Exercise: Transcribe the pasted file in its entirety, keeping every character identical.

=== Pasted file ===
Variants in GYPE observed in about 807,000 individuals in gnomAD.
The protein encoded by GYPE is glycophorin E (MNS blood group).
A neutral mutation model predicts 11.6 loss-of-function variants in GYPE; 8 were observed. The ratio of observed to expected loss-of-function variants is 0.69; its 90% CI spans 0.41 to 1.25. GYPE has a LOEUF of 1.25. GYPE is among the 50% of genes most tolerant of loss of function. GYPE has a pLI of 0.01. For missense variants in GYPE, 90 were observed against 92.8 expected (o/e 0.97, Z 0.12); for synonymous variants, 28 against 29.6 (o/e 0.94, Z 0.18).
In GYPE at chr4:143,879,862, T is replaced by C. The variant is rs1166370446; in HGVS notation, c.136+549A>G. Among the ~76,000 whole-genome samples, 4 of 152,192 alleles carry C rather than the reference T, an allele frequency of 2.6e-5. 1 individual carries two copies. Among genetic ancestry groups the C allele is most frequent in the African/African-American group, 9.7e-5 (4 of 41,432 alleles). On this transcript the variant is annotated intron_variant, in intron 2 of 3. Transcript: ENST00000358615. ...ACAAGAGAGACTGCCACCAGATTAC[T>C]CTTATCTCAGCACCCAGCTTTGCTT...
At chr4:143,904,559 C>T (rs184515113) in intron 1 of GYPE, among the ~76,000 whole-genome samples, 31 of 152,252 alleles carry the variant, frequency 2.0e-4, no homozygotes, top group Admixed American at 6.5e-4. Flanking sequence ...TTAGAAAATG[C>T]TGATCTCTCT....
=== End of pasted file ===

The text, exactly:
Variants in GYPE observed in about 807,000 individuals in gnomAD.
The protein encoded by GYPE is glycophorin E (MNS blood group).
A neutral mutation model predicts 11.6 loss-of-function variants in GYPE; 8 were observed. The ratio of observed to expected loss-of-function variants is 0.69; its 90% CI spans 0.41 to 1.25. GYPE has a LOEUF of 1.25. GYPE is among the 50% of genes most tolerant of loss of function. GYPE has a pLI of 0.01. For missense variants in GYPE, 90 were observed against 92.8 expected (o/e 0.97, Z 0.12); for synonymous variants, 28 against 29.6 (o/e 0.94, Z 0.18).
In GYPE at chr4:143,879,862, T is replaced by C. The variant is rs1166370446; in HGVS notation, c.136+549A>G. Among the ~76,000 whole-genome samples, 4 of 152,192 alleles carry C rather than the reference T, an allele frequency of 2.6e-5. 1 individual carries two copies. Among genetic ancestry groups the C allele is most frequent in the African/African-American group, 9.7e-5 (4 of 41,432 alleles). On this transcript the variant is annotated intron_variant, in intron 2 of 3. Transcript: ENST00000358615. ...ACAAGAGAGACTGCCACCAGATTAC[T>C]CTTATCTCAGCACCCAGCTTTGCTT...
At chr4:143,904,559 C>T (rs184515113) in intron 1 of GYPE, among the ~76,000 whole-genome samples, 31 of 152,252 alleles carry the variant, frequency 2.0e-4, no homozygotes, top group Admixed American at 6.5e-4. Flanking sequence ...TTAGAAAATG[C>T]TGATCTCTCT....